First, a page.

• Network security group: Optionally, you can associate an existing network security group with the subnet to control inbound and outbound network traffic filtering for the subnet. The network security group must exist in the same subscription and location as the virtual network. It also must be created by using the Resource Manager deployment model. To learn more about how to create a network security group, see Network security groups.
    • Route table: Optionally, you can associate an existing route table with the subnet to control network traffic routing to other networks. The route table must exist in the same subscription and location as the virtual network. It also must be created by using the Resource Manager deployment model. To learn more about how to create route tables, see User-defined routes.
    • Users: You can control access to the subnet by using built-in roles or your own custom roles. To learn more about assigning roles and users to access the subnet, see Use role assignment to manage access to your Azure resources.
  7. To add the subnet to the virtual network that you selected, click OK.

Commands

Tool Command
Azure CLI az network vnet subnet create
PowerShell New-AzureRmVirtualNetworkSubnetConfig, Add-AzureRmVirtualNetworkSubnetConfig

Change subnet settings

You can change network security groups, route tables, and user access to a subnet by managing resources that are in a subnet. To learn about these settings, in Add a subnet, see step 6. If you want to change the address space of a subnet, you must first delete any resources that are in the subnet. The steps you take to delete a resource vary depending on the resource. To learn how to delete resources that are in subnets, read the documentation for each resource type that you want to delete. To change the address range for a subnet:

  1. Sign in to the portal with an account that is assigned permissions for the Network Contributor role (at a minimum) for your subscription. To learn more about assigning roles and permissions to accounts, see Built-in roles for Azure role-based access control.
  2. In the portal search box, enter virtual networks. In the search results, click Virtual networks.
  3. On the Virtual networks blade, click the virtual network for which you want to change a subnet address range.
  4. Click the subnet for which you want to change the address range.
  5. On the subnet blade, in the Address range box, enter the new address range. The range must be unique within the address space for the virtual network. The range cannot overlap with other subnet address ranges within the virtual network. The address space must be specified by using CIDR notation. For example, in a virtual network with address space 10.0.0.0/16, you might define a subnet address space of 10.0.0.0/24. The smallest range you can specify is /29, which provides eight IP addresses for the subnet. Azure reserves the first and last address in each subnet for protocol conformance. Three additional addresses are reserved for Azure service usage. As a result, a subnet with a /29 address range has three usable IP addresses. If you plan to connect a virtual network to a VPN gateway, you must create a gateway subnet. Learn more about specific address range considerations for gateway subnets. You can change the address range after the subnet is created, under specific conditions. To learn how to change a subnet address range, see Change subnet settings in this article.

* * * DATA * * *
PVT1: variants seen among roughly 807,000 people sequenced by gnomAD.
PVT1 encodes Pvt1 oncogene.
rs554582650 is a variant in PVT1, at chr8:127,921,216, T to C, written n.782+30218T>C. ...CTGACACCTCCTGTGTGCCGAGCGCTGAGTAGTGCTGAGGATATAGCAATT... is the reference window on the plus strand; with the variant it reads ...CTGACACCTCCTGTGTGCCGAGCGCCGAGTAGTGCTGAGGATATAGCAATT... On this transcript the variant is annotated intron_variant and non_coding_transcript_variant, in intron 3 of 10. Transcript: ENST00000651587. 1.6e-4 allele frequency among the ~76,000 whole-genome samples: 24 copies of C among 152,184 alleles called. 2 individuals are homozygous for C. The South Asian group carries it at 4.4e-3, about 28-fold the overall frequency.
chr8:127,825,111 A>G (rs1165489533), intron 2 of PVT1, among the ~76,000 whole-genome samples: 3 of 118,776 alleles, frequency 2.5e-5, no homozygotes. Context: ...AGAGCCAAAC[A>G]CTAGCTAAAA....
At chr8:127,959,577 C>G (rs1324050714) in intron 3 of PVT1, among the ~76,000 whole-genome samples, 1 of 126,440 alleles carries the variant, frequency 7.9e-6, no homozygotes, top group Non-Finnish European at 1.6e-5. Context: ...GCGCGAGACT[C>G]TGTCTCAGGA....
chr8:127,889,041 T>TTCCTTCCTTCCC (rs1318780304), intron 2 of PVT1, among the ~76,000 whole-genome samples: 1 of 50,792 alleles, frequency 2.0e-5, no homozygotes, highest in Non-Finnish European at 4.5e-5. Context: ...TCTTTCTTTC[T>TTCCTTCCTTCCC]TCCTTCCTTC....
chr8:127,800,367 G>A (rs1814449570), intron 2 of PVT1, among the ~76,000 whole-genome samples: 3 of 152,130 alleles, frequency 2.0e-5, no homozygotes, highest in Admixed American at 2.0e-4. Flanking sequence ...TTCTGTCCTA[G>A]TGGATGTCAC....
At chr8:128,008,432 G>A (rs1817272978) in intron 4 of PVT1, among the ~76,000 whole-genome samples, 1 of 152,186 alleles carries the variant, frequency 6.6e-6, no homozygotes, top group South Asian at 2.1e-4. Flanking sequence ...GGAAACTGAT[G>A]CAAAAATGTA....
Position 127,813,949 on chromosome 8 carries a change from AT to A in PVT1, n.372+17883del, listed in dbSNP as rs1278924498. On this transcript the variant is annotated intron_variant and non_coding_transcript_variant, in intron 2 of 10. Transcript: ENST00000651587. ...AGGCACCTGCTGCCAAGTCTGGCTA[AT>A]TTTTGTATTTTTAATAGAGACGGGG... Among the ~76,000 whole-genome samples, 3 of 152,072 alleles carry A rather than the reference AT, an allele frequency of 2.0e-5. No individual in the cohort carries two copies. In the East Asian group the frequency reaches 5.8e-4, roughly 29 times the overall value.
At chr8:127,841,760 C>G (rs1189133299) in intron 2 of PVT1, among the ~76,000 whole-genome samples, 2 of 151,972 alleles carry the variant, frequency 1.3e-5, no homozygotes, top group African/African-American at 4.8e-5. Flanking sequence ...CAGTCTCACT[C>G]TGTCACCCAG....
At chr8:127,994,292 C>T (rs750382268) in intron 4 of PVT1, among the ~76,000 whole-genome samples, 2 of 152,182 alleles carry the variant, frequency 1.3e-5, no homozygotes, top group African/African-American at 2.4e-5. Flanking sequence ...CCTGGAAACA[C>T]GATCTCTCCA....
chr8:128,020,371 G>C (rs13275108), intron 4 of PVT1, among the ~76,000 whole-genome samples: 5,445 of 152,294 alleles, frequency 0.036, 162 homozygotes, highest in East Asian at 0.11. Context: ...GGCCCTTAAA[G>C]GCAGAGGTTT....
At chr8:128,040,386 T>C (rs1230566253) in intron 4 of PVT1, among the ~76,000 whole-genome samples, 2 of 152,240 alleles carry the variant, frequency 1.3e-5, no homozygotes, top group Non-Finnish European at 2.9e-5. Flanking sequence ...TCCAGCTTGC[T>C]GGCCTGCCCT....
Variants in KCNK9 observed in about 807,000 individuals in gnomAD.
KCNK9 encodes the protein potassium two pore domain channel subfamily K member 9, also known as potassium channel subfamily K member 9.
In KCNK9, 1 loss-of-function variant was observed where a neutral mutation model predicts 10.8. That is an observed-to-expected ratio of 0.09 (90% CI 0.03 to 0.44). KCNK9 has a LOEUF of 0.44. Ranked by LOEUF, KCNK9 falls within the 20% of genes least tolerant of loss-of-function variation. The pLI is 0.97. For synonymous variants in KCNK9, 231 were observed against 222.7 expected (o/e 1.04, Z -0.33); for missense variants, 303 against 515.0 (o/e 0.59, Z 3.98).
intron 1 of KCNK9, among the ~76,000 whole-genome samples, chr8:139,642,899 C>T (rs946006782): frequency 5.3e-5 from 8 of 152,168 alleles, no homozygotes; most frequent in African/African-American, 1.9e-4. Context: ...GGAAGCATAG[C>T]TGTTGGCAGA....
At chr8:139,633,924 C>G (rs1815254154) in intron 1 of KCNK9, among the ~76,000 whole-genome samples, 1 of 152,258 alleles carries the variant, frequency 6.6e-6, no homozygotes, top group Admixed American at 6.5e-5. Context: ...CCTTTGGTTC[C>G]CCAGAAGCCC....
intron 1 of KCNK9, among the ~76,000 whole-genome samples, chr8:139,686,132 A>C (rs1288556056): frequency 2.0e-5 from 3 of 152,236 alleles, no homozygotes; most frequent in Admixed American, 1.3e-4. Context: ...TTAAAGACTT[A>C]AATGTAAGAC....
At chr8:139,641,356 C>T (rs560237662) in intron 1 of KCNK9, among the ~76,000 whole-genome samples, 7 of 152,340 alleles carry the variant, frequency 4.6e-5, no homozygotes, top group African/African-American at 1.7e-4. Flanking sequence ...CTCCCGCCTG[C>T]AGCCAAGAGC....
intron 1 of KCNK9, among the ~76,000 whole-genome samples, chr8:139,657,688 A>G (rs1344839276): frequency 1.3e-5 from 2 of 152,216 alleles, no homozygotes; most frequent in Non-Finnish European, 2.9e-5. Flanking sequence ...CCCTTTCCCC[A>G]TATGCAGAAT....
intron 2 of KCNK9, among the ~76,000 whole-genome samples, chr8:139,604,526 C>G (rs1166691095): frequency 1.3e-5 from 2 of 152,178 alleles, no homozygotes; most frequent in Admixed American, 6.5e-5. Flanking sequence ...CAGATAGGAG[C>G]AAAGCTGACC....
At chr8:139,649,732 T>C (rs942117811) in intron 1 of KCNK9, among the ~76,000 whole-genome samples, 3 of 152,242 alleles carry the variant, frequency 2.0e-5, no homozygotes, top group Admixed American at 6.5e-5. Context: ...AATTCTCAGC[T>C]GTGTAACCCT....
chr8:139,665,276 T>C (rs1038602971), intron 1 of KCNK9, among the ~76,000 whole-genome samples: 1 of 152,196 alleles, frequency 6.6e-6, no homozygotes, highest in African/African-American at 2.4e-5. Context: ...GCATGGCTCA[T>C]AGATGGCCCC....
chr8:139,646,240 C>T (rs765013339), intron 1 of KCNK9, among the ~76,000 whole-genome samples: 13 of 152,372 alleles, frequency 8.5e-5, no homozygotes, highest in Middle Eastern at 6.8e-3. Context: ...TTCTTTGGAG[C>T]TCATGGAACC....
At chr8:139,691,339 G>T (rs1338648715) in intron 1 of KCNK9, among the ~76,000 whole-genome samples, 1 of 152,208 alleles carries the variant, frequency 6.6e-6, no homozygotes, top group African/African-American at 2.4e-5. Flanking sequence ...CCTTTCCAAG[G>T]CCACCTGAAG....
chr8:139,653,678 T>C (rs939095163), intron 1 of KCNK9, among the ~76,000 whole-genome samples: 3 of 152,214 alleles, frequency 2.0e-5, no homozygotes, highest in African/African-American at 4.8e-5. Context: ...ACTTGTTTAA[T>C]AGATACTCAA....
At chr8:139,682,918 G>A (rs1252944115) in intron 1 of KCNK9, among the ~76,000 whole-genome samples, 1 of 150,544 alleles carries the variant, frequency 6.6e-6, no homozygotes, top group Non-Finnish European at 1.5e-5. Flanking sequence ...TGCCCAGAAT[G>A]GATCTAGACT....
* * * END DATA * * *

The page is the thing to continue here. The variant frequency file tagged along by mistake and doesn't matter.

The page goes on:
6. Click Save.

Commands

Tool Command
Azure CLI az network vnet subnet update
PowerShell Set-AzureRmVirtualNetworkSubnetConfig

Delete a subnet

You can delete a subnet only if there are no resources in the subnet. If there are resources in the subnet, you must delete the resources that are in the subnet before you can delete the subnet. The steps you take to delete a resource vary depending on the resource. To learn how to delete resources that are in subnets, read the documentation for each resource type that you want to delete. To delete a subnet:

  1. Sign in to the portal with an account that is assigned permissions for the Network Contributor role (at a minimum) for your subscription. To learn more about assigning roles and permissions to accounts, see Built-in roles for Azure role-based access control.
  2. In the portal search box, enter virtual networks. In the search results, click Virtual networks.
  3. On the Virtual networks blade, click the virtual network you want to delete a subnet from.
  4. On the virtual network blade, under SETTINGS, click Subnets.
  5. In the list of subnets that appears on the subnets blade, right-click the subnet you want to delete, click Delete, and then click Yes to delete the subnet.

Commands

Tool Command
Azure CLI az network vnet delete
PowerShell Remove-AzureRmVirtualNetworkSubnetConfig

Next steps

To create a virtual machine in a subnet, see Create a virtual network and deploy VMs in the subnet.